"More than 150 of America’s largest meat processing plants operate in counties where the rate of coronavirus infection is already among the nation’s highest, based on the media outlets' analysis of slaughterhouse locations and county-level covid-19 infection rates," Kyle Bagenstose, Sky Chadde and Matt Wynn report. "These facilities represent more than 1 in 3 of the nation’s biggest beef, pork and poultry processing plants. Rates of infection around these plants are higher than those of 75 percent of other U.S. counties, the analysis found."
There aren't any shortages yet, because the nation still has plenty of meat in storage, but meatpackers are operating at 60 percent of capacity, the reporters found. Shortages could come if workers continue to sicken and plants continue to close, they write, "but experts say there's little risk of a dwindling protein supply because, given the choice between worker safety and keeping meat on grocery shelves, the nation’s slaughterhouses will choose to produce food."
The meatpacking plant outbreaks shed an uncomfortable light on working conditions that can encourage the spread of infectious diseases, especially among undocumented immigrant workers who are loathe to report safety violations for fear of losing their jobs, Bagenstose, Chadde and Wynn report: "The meatpacking industry already has been notorious for poor working conditions even before the coronavirus pandemic. Meat and poultry employees have among the highest illness rates of all manufacturing employees and are less likely to report injuries and illness than any other type of worker, federal watchdog reports have found. And the plants have been called out numerous times for refusing to let their employees use the bathroom, even to wash their hands – one of the biggest ways to reduce the spread of the coronavirus."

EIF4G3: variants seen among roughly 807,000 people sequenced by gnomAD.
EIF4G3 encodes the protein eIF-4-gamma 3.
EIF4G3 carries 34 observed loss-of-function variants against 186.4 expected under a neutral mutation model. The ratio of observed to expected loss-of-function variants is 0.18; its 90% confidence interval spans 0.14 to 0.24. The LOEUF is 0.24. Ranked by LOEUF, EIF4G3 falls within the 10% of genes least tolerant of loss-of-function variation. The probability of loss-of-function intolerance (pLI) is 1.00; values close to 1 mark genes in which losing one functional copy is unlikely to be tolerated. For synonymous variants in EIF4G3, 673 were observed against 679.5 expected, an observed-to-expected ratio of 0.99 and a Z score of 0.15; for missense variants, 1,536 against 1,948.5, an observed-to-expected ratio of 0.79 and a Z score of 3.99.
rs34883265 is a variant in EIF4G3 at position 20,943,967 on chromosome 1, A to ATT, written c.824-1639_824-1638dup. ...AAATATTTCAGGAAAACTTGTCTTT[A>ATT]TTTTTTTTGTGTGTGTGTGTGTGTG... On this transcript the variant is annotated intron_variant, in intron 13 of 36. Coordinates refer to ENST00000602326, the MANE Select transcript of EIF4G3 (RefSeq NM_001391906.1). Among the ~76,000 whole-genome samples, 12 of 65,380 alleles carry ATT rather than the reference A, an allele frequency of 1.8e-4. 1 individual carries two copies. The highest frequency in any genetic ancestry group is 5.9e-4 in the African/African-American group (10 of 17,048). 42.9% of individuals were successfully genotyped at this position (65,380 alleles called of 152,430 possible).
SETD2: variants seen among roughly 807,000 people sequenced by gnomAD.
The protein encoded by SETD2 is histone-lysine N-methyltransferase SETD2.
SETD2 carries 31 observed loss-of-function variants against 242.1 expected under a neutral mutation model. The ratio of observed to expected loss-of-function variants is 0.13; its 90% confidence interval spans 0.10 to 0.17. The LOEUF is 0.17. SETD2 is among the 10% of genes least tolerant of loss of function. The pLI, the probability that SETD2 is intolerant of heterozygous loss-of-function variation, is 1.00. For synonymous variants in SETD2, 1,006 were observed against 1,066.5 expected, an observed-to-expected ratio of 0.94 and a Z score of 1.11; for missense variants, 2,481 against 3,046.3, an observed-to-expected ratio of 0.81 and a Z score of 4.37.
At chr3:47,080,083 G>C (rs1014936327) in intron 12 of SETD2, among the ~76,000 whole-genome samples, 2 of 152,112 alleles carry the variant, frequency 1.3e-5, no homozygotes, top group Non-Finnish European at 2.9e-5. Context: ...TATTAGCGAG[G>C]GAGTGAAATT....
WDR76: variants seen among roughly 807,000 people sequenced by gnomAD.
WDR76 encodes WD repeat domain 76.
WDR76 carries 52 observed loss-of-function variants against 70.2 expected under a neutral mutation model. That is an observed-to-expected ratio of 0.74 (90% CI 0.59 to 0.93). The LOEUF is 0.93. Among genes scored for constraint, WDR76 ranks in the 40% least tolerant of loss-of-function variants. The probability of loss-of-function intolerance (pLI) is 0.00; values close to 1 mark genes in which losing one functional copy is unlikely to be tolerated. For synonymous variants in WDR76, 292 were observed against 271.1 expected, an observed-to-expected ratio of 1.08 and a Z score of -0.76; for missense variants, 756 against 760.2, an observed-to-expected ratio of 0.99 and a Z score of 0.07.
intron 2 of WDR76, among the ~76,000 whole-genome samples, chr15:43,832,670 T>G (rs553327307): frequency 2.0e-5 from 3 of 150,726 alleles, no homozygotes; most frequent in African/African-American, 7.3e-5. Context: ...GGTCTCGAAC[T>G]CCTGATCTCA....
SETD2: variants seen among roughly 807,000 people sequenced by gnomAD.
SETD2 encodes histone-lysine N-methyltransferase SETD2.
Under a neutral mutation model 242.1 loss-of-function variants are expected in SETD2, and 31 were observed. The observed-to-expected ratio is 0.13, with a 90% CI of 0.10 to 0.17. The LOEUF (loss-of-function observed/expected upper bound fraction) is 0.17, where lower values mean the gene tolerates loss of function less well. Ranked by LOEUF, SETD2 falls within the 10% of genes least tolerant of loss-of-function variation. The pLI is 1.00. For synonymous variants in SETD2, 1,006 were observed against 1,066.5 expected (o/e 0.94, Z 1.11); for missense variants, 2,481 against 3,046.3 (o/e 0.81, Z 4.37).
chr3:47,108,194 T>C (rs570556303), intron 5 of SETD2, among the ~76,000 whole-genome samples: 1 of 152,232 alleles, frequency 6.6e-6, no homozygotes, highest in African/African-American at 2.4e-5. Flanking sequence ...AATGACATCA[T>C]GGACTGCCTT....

Lax state and federal oversight hasn't helped. "Amplifying the danger is that, in many places, meat processing companies are largely on their own to ensure an outbreak doesn’t spread across their factory floors," the reporters write. "Factory workers, unions, and even managers say the federal government – including the U.S. Centers for Disease Control and Prevention and the Occupational Safety and Health Administration – has done little more than issue non-enforceable guidance. On its website, for example, the CDC has released safety guidelines for critical workers and businesses, which primarily promote common-sense measures of sanitization and personal distancing. State health departments have also taken a backseat role in all but a few places."